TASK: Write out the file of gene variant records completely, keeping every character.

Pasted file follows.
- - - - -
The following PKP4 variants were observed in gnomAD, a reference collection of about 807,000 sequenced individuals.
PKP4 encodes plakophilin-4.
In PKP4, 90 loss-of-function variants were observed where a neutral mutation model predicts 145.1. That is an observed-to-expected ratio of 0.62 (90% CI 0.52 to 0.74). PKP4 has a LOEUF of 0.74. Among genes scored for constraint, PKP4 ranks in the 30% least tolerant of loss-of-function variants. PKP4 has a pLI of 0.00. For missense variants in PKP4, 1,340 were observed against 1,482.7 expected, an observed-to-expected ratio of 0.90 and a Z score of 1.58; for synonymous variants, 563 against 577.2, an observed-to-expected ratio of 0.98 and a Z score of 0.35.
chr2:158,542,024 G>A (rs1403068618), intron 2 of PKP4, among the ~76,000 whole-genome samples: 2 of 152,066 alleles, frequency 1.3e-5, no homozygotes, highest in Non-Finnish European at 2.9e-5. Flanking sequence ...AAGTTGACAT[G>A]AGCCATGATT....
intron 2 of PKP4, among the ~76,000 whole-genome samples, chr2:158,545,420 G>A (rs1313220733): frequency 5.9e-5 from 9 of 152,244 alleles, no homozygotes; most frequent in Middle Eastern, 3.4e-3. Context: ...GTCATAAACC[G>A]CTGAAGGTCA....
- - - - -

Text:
The following PKP4 variants were observed in gnomAD, a reference collection of about 807,000 sequenced individuals.
PKP4 encodes plakophilin-4.
In PKP4, 90 loss-of-function variants were observed where a neutral mutation model predicts 145.1. That is an observed-to-expected ratio of 0.62 (90% CI 0.52 to 0.74). PKP4 has a LOEUF of 0.74. Among genes scored for constraint, PKP4 ranks in the 30% least tolerant of loss-of-function variants. PKP4 has a pLI of 0.00. For missense variants in PKP4, 1,340 were observed against 1,482.7 expected, an observed-to-expected ratio of 0.90 and a Z score of 1.58; for synonymous variants, 563 against 577.2, an observed-to-expected ratio of 0.98 and a Z score of 0.35.
chr2:158,542,024 G>A (rs1403068618), intron 2 of PKP4, among the ~76,000 whole-genome samples: 2 of 152,066 alleles, frequency 1.3e-5, no homozygotes, highest in Non-Finnish European at 2.9e-5. Flanking sequence ...AAGTTGACAT[G>A]AGCCATGATT....
intron 2 of PKP4, among the ~76,000 whole-genome samples, chr2:158,545,420 G>A (rs1313220733): frequency 5.9e-5 from 9 of 152,244 alleles, no homozygotes; most frequent in Middle Eastern, 3.4e-3. Context: ...GTCATAAACC[G>A]CTGAAGGTCA....